The de-facto debugger for Rails is Byebug. It works with Rails were things like Pry fall short, comes recommended by the core Rails team, and is even bundled with Rails. This article will walk you through getting set up with basic Debugging Ruby on Rails With byebug.

The debugger permits the ability to understand what is going on inside a Ruby program while it executes and offers many of the traditional debugging features such as:



Setting up

Version 5.0 of Rails comes with Byebug, but if you don’t have it, you can simply add the following to your Gemfile and run bundle:

gem "byebug"

or you can also simply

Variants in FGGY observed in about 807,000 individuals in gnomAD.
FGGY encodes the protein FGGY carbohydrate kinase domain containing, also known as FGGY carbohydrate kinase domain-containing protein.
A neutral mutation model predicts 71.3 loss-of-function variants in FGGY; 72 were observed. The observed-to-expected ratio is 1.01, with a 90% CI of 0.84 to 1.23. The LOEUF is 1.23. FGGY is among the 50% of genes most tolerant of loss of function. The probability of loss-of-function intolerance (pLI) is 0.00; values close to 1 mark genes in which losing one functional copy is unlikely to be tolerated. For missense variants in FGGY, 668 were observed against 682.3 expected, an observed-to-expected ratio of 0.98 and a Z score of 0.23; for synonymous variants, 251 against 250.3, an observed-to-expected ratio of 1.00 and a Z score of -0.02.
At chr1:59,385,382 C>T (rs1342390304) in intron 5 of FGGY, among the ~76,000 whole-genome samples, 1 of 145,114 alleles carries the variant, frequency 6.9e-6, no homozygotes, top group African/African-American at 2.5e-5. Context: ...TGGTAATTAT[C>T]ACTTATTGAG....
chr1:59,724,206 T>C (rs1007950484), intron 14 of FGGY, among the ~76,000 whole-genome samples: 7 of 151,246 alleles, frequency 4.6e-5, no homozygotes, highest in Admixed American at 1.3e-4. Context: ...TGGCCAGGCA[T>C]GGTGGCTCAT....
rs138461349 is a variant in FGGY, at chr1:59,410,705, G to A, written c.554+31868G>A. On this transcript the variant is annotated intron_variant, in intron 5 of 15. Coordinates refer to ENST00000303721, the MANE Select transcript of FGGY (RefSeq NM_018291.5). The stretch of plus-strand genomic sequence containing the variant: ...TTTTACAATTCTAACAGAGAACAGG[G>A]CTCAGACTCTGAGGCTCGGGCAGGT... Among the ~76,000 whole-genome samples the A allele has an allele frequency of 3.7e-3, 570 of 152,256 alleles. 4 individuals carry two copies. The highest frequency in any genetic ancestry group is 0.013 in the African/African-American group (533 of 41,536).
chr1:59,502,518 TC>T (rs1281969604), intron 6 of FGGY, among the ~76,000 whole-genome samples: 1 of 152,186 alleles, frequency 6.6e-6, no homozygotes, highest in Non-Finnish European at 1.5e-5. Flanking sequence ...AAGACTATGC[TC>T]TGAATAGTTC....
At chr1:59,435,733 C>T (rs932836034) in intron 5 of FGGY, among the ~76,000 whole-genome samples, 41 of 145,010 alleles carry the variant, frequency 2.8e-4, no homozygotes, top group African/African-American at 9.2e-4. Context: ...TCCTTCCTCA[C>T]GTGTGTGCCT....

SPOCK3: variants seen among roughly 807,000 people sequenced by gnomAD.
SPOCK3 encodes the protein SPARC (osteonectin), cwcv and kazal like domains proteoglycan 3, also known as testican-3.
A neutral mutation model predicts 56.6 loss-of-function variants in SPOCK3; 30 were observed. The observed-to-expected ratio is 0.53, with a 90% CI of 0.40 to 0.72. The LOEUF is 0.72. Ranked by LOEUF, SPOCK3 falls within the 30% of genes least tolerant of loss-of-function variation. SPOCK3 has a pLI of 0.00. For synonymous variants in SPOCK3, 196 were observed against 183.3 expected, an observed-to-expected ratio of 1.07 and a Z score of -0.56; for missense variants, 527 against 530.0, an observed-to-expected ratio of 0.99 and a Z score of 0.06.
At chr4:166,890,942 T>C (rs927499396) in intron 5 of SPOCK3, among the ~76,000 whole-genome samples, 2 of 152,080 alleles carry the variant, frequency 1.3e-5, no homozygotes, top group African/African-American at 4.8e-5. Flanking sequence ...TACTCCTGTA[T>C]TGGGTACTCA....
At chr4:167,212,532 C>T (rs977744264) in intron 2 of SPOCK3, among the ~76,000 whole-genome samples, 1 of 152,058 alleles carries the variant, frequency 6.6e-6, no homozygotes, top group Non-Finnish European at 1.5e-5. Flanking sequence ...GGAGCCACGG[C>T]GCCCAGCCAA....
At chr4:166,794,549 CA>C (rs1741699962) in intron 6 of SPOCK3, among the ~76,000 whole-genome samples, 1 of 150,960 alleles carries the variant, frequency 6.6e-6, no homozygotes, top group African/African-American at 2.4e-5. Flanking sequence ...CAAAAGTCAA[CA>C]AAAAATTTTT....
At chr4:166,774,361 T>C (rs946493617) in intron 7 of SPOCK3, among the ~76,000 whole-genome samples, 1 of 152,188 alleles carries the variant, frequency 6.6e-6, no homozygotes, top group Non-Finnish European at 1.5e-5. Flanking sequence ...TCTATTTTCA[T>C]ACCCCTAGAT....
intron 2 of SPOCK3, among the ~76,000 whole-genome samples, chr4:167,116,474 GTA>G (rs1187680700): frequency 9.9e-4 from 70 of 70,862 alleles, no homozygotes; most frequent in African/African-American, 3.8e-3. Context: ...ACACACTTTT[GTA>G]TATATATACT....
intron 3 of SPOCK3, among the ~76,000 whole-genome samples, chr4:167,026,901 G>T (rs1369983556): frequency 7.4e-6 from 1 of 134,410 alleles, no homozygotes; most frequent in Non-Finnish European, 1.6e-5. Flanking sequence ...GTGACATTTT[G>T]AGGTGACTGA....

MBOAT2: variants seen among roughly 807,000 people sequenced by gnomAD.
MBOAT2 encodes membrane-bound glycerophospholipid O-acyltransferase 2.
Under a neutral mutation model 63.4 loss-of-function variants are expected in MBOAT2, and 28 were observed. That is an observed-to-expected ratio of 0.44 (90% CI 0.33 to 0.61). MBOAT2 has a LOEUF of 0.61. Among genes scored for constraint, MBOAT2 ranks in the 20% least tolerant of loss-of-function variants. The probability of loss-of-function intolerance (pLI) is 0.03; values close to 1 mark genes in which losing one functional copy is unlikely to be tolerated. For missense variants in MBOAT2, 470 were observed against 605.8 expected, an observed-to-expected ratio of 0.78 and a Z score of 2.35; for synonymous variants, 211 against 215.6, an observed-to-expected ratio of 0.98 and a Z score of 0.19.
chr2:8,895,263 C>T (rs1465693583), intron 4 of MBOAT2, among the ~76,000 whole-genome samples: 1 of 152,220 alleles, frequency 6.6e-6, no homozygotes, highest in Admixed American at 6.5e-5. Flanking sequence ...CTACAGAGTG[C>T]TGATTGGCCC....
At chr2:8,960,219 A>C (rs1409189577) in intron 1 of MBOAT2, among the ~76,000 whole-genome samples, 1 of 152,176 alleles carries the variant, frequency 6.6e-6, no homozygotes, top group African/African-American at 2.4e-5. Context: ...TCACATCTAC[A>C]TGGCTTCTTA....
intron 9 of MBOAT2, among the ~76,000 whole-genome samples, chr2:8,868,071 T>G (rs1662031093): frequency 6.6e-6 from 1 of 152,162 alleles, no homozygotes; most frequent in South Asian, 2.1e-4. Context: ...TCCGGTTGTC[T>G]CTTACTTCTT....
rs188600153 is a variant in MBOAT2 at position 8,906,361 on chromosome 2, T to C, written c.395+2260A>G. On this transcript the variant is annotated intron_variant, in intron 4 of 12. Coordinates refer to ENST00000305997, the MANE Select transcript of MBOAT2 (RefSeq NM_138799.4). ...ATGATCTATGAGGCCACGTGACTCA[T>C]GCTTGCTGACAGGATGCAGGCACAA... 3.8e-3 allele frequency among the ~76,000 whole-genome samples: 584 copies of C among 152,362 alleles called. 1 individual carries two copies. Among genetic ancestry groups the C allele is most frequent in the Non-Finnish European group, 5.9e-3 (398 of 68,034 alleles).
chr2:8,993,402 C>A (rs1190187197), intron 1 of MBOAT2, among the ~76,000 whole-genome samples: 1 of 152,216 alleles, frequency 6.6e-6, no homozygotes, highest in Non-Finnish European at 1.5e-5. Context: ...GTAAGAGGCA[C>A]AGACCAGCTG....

gem install byebug

Alternatively, if you use bundler:

bundle add byebug --group "development, test"

You can enter byebug in a similar fashion to other debuggers: pick a point in the code at which to jump into the debugger and add:




for example,

If you were debugging Rails, you would add byebug to your code:

and run rails server

bin/rails s

Once the execution gets to your byebug command, you will receive a debugging prompt.

You can debug code from the command prompt now

Command-line options

Words of wisdom

The excellent pry-byebug adds nextstepfinishcontinue, and break commands to pry using byebug. Additionally, one of my default gems on any project in which I’m using minitest, is the fantastic minitest-byebug. This will kick you straight into a Byebug session in the event that one of your tests fails. With a little work, you can make this play nicely with Guard, to create a formidable unit testing tool. Finally, for you Sublime users, there is sublime_debugger, which wraps Byebug in a neat little GUI. Enjoy Debugging Ruby on Rails With byebug.

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